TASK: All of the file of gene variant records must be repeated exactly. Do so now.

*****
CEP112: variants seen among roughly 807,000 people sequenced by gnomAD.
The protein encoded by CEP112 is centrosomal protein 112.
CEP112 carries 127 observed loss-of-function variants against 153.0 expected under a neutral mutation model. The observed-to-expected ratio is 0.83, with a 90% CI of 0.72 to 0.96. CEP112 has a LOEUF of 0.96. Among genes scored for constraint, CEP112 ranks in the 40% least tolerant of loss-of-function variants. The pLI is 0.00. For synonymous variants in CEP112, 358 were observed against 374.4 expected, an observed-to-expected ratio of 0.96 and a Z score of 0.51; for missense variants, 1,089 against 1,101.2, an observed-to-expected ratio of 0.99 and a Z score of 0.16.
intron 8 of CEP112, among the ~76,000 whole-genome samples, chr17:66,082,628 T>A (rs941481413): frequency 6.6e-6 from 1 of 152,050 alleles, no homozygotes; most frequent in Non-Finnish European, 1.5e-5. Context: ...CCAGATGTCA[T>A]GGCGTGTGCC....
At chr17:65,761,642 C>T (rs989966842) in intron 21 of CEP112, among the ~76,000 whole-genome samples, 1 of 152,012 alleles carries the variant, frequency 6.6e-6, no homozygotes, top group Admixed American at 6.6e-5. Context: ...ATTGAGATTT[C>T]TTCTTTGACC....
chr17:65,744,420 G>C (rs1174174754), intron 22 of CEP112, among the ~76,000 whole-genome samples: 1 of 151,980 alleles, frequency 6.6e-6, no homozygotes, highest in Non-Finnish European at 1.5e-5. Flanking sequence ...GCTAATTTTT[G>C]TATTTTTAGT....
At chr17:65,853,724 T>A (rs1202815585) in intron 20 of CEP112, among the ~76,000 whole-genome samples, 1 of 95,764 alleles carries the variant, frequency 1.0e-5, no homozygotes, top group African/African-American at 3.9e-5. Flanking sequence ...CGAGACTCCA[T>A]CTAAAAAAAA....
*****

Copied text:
CEP112: variants seen among roughly 807,000 people sequenced by gnomAD.
The protein encoded by CEP112 is centrosomal protein 112.
CEP112 carries 127 observed loss-of-function variants against 153.0 expected under a neutral mutation model. The observed-to-expected ratio is 0.83, with a 90% CI of 0.72 to 0.96. CEP112 has a LOEUF of 0.96. Among genes scored for constraint, CEP112 ranks in the 40% least tolerant of loss-of-function variants. The pLI is 0.00. For synonymous variants in CEP112, 358 were observed against 374.4 expected, an observed-to-expected ratio of 0.96 and a Z score of 0.51; for missense variants, 1,089 against 1,101.2, an observed-to-expected ratio of 0.99 and a Z score of 0.16.
intron 8 of CEP112, among the ~76,000 whole-genome samples, chr17:66,082,628 T>A (rs941481413): frequency 6.6e-6 from 1 of 152,050 alleles, no homozygotes; most frequent in Non-Finnish European, 1.5e-5. Context: ...CCAGATGTCA[T>A]GGCGTGTGCC....
At chr17:65,761,642 C>T (rs989966842) in intron 21 of CEP112, among the ~76,000 whole-genome samples, 1 of 152,012 alleles carries the variant, frequency 6.6e-6, no homozygotes, top group Admixed American at 6.6e-5. Context: ...ATTGAGATTT[C>T]TTCTTTGACC....
chr17:65,744,420 G>C (rs1174174754), intron 22 of CEP112, among the ~76,000 whole-genome samples: 1 of 151,980 alleles, frequency 6.6e-6, no homozygotes, highest in Non-Finnish European at 1.5e-5. Flanking sequence ...GCTAATTTTT[G>C]TATTTTTAGT....
At chr17:65,853,724 T>A (rs1202815585) in intron 20 of CEP112, among the ~76,000 whole-genome samples, 1 of 95,764 alleles carries the variant, frequency 1.0e-5, no homozygotes, top group African/African-American at 3.9e-5. Flanking sequence ...CGAGACTCCA[T>A]CTAAAAAAAA....